"Progress" in Afghanistan, Then and Now

by Darryl Li | published April 24, 2014 - 2:06pm

I recently came across a document in the archives, a reminder that the march of “progress” in Afghanistan sometimes seems more reminiscent of a never-ending marching band reliably circling a parade ground. The martial metaphor here isn’t accidental: As elsewhere, security forces have been central to nearly every attempt to make Afghanistan a “modern” nation-state, a pattern echoed in today’s Beltway anxieties over how many local troops are deemed “ready” to take over in the event of a US withdrawal.

What makes modernization talk in Afghanistan (mostly by foreign “experts”) perhaps slightly unusual is how often it ignores earlier efforts, as if starting from scratch in a country deemed even more backward than most others in the global south. And just as resolute as the assumption of Afghan newness to modernity is the cheerful, seemingly beneficent, and perhaps reality-impervious need to declare “progress.” A few thoughts follow from this:
 
1) From a Defense Department memo to the State Department dated August 21, 1957 reporting on the progress of several Afghan officers undergoing training at Fort Benning, Georgia:

 

a. Having benefited considerably from the opportunity to adjust to the school environment in the Associate Infantry Company Officer Course, which they completed 31 May 1957, these officers have demonstrated a slight overall improvement in their academic work....
 
b. These officers continue to apply themselves conscientiously to their classwork. Their attitude is excellent.

Fast forward nearly 50 years to a 2006 report by a Provincial Reconstruction Team in the eastern part of the country released by WikiLeaks:

 

Police Training and Advisory Team conducted Quik [sic] Reaction Force training with 10 Afghan National Police officers today. The subject covered was Close Quarters Combat to include room entries with paper targets and dry fire exercises. We are on week 3 of the 6 week training and the Officers are making good progress. They all have good attitudes towards the training even during Ramadan.

It seems the US knows how it likes its Afghans: diligent, cooperative and not too fussy about Ramadan.

2) There is more of interest here than an easy plus ça change joke. The half-century that elapsed between the two documents was filled with modernizing projects in Afghanistan of all kinds beyond the military, including in urban planning, higher education and cinema production. For much of the Cold War, Afghanistan heavily courted aid from both sides of the Iron Curtain, fostering a “competitive coexistence” between the superpowers, especially in infrastructure. The nerve center of today’s American military presence, the Bagram air base, was originally built by the Soviet Union -- not during the war of the 1980s, but decades earlier, when it was completed in time to welcome Dwight Eisenhower (US engineers, meanwhile, finished building Kandahar’s airport in 1982). These projects were used to showcase competing visions of superpower modernity; in 1956, the US government even erected a geodesic dome designed by Buckminster Fuller at a fair in Kabul.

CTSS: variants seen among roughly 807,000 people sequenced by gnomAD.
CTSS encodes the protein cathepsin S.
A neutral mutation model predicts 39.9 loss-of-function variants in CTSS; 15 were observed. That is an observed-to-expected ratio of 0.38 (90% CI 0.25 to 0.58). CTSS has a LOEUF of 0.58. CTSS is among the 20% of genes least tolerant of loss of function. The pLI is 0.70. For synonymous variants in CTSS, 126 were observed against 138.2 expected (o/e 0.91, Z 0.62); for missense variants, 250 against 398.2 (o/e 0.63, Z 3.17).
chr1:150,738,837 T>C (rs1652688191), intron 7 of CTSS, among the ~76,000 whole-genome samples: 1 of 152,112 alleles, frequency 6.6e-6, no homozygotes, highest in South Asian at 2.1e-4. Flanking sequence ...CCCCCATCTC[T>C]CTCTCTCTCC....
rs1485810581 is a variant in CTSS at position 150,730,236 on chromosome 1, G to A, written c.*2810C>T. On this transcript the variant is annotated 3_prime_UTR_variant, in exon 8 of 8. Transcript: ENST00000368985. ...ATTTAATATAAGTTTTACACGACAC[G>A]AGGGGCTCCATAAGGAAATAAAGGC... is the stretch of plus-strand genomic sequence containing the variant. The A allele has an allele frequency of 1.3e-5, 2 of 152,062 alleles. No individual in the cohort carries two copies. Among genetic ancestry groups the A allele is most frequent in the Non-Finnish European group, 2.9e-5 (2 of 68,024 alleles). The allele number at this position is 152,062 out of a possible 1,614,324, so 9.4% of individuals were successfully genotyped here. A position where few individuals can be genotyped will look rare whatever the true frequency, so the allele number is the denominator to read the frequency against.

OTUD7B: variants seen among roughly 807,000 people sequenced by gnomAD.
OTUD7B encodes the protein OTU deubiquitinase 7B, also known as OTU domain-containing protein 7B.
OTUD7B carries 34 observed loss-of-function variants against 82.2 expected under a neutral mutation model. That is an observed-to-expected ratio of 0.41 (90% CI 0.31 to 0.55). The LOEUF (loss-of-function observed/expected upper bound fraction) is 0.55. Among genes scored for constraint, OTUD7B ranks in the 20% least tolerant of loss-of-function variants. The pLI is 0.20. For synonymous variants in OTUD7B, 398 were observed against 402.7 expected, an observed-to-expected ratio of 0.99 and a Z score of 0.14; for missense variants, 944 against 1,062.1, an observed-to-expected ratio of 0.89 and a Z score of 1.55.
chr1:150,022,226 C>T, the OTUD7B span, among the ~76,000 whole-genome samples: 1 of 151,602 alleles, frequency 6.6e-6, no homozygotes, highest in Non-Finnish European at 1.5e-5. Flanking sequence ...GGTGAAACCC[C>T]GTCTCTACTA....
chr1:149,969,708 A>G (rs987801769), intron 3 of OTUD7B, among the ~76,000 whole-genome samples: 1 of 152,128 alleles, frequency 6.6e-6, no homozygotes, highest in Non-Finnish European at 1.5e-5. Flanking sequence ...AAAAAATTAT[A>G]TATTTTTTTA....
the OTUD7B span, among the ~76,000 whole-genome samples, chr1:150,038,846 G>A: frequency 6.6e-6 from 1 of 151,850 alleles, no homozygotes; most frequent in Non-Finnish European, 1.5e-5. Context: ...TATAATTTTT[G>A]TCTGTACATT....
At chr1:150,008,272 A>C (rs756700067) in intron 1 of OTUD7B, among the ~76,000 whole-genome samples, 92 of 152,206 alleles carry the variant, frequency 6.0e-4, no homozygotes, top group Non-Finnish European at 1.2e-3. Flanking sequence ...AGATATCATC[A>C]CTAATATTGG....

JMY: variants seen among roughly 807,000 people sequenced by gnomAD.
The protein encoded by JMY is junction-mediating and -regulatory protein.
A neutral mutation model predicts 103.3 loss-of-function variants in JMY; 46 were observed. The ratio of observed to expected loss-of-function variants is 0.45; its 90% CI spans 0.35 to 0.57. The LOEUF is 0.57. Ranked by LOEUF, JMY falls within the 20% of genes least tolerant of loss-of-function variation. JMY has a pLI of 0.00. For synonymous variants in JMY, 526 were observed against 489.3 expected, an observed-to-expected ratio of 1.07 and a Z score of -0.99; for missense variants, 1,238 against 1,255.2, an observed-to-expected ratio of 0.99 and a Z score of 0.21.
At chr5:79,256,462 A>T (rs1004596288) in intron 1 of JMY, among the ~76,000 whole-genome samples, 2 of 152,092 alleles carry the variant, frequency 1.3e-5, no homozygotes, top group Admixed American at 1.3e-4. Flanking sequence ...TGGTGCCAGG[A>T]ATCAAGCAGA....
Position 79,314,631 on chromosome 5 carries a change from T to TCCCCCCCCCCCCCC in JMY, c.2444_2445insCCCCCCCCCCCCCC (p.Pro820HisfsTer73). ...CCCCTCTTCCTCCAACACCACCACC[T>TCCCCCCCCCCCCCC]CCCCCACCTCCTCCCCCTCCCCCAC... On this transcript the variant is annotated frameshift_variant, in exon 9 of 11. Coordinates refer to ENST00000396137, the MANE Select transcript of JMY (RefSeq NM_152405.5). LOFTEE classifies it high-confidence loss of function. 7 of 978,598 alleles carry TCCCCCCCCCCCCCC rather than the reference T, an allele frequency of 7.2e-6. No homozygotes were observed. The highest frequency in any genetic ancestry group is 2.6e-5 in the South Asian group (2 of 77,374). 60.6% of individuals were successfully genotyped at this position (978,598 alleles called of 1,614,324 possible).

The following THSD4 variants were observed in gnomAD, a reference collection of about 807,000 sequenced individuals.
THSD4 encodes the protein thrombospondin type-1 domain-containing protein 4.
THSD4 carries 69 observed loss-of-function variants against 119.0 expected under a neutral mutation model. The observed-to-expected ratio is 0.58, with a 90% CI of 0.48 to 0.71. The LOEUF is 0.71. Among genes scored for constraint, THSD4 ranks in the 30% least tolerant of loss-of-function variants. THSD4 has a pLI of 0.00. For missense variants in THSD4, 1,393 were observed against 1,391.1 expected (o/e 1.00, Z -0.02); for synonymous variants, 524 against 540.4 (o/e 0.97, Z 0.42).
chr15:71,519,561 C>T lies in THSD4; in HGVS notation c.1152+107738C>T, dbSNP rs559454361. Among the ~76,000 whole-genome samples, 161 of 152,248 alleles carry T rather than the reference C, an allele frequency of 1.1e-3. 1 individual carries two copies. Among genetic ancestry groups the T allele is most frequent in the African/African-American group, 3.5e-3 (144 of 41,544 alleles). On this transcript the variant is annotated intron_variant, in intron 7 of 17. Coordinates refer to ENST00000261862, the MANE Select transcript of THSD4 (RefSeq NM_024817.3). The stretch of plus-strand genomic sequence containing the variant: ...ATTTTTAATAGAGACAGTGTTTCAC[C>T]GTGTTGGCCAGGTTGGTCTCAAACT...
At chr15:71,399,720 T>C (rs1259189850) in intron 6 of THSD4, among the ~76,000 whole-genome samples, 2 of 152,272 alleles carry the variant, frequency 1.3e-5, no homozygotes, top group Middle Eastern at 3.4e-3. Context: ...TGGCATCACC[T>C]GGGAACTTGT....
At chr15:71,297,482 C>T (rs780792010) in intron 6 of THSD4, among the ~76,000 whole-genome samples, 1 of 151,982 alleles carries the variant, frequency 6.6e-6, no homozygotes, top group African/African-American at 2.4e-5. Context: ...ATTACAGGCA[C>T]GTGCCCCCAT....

Despite “competitive coexistence,” Afghanistan turned mostly to the Soviets for military training and equipment from the 1960s onward. Perhaps the most famous trainee was air force pilot ‘Abd al-Ahad Momand, who literally rocketed to fame when he served as a cosmonaut aboard the Mir space station in 1988.

The final generation of Soviet-trained officers today populate the senior ranks of the Afghan National Army. “Typically these ‘Soviet-influenced’ officers are easy to identify,” notes a US military magazine (also published at Fort Benning). “They are typically majors or higher in rank. Many wear a ‘Stalin-style’ moustache and can still understand if not speak Russian.” In other words, US military strategy in Afghanistan currently relies on the very men and women (yes, the Soviets were training Afghan women to fight long before Laura Bush adopted their cause) who Washington invested billions of dollars to kill during the 1980s.

3) Military modernization and the importation of foreign “experts” in Afghanistan long precede the Cold War, of course. They are arguably part and parcel of the project of state building. In 1907, an Ottoman colonel called Mahmud Sami took charge of the newly established Royal Military College in Kabul. NYU’s Afghanistan Digital Library features over a dozen manuals that he introduced on subjects as diverse as artillery, horsemanship and cooking. Above is a page from Sami’s military geography handbook.

According to a 1909 travelogue penned by a Young Turk hired as an adviser to the Afghan government, Mahmud Sami was training an army that was to be a model of progress for surrounding Muslim countries, with photographs of smartly dressed cadets to demonstrate the point (not knowing Ottoman, I rely on the summary in this article).

Like its successors, Turkish-led military modernization in Afghanistan promised “progress” but reaped bloodshed as populations were pushed to insurrection. After the British-backed Muhammad Nadir Shah seized power in 1929, Mahmud Sami was imprisoned and shot. While they likely have never heard of him, Sami’s Soviet and American heirs -- whether facing Afghan military defectors to the mujahideen in the 1980s or “insider attacks” nowadays -- can likely relate to his story.

Editor’s Note: For more on US military training as cross-cultural encounter, see Rochelle Davis, “‘Culture as a Weapon,’Middle East Report 255 (Spring 2010) and Steve Niva, “‘Green on Blue’: Message Not Received,” MERIPblog, September 7, 2012.

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